The Parliament of Turkey will finally continue to host pro-Kurdish deputies. After an hectic week in which the Democratic Society Party (DTP) was outlawed on December 11 for alleged links with Kurdistan Workers' Party (PKK), the 19 Kurdish deputies have announced they are to join a new party -the Peace and Democracy Party (BDP)- recently created as a precaution against an eventual prohibition of DTP.
DTP held 21 seats, but spokesmen Ahmet Türk and Aysel Tuğluk were disqualified and won't be allowed to participate in politics for the next 5 years. The remaining 19 deputies are left only 1 deputy away from the minimum threshold to form a parliamentary group. Former DTP deputies then threatened to boycott and leave the assembly to put the peace process launched by Prime Minister Recep Tayyip Erdogan under pressure. The move would have also forced the call of early elections, as legislation establishes that the Parliament must dissolve if there are more than 28 empty seats. Had the 21 Kurdish deputies left the assembly, there would have been 27 unattended seats.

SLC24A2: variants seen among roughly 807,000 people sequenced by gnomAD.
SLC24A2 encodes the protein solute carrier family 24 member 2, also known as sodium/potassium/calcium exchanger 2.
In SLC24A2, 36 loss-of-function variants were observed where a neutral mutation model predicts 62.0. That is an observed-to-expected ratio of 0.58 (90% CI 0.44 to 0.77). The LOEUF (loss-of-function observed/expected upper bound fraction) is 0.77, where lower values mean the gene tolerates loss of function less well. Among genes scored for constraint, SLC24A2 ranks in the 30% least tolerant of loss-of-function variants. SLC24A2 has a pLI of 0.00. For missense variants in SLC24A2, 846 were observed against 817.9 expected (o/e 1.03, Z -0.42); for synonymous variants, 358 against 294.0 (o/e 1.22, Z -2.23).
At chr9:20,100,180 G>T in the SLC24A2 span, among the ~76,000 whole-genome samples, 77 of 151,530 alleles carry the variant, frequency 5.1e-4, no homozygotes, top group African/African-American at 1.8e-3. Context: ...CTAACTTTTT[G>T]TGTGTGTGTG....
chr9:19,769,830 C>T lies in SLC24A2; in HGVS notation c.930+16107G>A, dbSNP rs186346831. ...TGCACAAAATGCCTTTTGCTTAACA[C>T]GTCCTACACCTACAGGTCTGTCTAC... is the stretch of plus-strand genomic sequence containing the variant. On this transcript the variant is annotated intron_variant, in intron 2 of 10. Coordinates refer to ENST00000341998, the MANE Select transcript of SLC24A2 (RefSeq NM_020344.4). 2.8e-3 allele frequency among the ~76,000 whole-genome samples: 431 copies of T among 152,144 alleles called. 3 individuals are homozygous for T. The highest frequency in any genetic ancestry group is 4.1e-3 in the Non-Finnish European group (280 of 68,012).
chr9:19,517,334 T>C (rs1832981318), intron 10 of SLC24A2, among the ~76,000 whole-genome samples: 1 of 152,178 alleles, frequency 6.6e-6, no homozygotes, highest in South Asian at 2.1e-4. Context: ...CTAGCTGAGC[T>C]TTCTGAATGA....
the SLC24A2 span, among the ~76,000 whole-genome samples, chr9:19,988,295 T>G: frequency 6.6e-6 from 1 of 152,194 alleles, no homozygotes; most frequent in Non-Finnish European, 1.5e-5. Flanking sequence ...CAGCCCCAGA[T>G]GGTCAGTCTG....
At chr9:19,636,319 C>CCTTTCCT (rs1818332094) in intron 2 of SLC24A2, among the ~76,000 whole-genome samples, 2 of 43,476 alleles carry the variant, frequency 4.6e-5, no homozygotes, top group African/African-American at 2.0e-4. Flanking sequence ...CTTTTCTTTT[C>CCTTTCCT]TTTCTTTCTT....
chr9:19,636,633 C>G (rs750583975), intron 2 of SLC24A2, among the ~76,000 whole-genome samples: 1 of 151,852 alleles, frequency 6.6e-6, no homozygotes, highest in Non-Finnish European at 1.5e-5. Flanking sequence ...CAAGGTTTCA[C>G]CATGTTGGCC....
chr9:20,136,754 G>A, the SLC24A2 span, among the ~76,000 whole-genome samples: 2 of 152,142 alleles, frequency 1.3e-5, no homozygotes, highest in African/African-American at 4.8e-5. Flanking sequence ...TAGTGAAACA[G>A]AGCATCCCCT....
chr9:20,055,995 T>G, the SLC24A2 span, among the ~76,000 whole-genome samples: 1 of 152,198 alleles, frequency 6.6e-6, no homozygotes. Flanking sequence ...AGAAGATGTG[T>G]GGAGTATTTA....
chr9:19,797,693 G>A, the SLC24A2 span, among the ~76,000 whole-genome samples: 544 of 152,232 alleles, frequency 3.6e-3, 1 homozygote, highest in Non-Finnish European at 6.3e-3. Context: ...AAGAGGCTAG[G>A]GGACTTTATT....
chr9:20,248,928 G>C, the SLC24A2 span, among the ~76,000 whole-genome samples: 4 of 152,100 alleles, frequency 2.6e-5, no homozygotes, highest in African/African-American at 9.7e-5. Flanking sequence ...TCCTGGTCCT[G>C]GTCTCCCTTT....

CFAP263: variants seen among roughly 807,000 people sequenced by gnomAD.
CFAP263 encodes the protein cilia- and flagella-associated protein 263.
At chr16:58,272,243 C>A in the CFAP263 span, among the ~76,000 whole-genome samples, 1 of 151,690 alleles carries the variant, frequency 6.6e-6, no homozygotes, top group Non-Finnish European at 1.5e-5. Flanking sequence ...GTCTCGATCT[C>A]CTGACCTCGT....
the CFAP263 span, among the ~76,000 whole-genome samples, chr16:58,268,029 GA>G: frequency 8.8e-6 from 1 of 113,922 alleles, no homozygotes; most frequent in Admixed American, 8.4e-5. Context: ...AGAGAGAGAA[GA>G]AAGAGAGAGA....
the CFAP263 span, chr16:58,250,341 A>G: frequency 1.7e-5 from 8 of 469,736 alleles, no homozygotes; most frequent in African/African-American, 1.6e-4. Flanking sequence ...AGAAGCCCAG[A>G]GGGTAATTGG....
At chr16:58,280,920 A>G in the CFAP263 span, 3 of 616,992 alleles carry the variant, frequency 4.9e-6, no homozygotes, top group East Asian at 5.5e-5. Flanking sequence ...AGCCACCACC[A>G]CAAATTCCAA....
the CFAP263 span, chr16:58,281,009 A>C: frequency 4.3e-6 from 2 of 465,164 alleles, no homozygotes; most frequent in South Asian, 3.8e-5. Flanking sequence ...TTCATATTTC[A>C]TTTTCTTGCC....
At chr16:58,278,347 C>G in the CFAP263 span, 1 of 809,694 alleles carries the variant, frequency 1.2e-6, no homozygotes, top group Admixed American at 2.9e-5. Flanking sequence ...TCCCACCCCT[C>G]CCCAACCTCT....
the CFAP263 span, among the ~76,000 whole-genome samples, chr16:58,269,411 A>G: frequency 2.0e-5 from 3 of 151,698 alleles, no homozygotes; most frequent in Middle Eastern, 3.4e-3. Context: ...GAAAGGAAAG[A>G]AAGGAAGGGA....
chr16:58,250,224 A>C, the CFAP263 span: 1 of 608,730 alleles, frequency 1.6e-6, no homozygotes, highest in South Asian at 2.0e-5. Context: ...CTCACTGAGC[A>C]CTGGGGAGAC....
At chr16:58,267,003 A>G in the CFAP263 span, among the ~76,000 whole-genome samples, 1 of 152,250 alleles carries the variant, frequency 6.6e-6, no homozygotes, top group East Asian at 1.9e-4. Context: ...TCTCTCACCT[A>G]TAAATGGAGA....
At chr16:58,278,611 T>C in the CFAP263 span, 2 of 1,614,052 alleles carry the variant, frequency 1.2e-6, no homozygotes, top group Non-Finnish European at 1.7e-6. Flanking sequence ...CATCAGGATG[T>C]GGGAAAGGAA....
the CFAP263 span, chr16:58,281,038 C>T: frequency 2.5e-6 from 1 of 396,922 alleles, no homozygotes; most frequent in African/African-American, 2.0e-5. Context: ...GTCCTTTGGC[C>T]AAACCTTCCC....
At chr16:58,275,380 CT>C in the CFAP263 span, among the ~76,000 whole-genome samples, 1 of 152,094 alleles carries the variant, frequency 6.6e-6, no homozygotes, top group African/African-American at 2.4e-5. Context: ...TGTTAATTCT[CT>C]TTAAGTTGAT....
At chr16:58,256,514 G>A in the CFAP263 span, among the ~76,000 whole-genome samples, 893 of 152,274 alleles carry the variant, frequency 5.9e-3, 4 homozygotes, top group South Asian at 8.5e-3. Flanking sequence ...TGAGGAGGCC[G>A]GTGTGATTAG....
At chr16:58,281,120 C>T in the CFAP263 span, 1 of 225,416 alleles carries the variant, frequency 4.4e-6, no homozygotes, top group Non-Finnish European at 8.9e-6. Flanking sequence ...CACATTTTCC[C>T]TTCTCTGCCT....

The remaining 19 deputies have finally decided to join the Peace and Democracy Party (BDP). They will get to form their own parliamentary group if an independent deputy joins them to reach the threshold of 20. It is likely that deputy Ufuk Uras joins forces with the BDP. According to SETimes.com, he declared that "as a deputy who has been defending peace, equality, fellowship and the idea of solving the Kurdish issue in parliament, I want all electors and all people to know that I would not hesitate to take needed steps while we are passing through this crucial period".
Photo: Ahmet Turk, former spokespan for DTP, has been banned from politics for the next 5 years.
- Hürriyet: Kurdish deputies of disbanded DTP to stay in Parliament
- Today's Zaman: Pro-Kurdish BDP aims to represent the whole country
- Osservatorio sui Balcani: Al bando il partito kurdo
- Nationalia: ‘We have another party ready for when DTP is banned’
Further information in dossier Peoples and nations today: Kurdistan.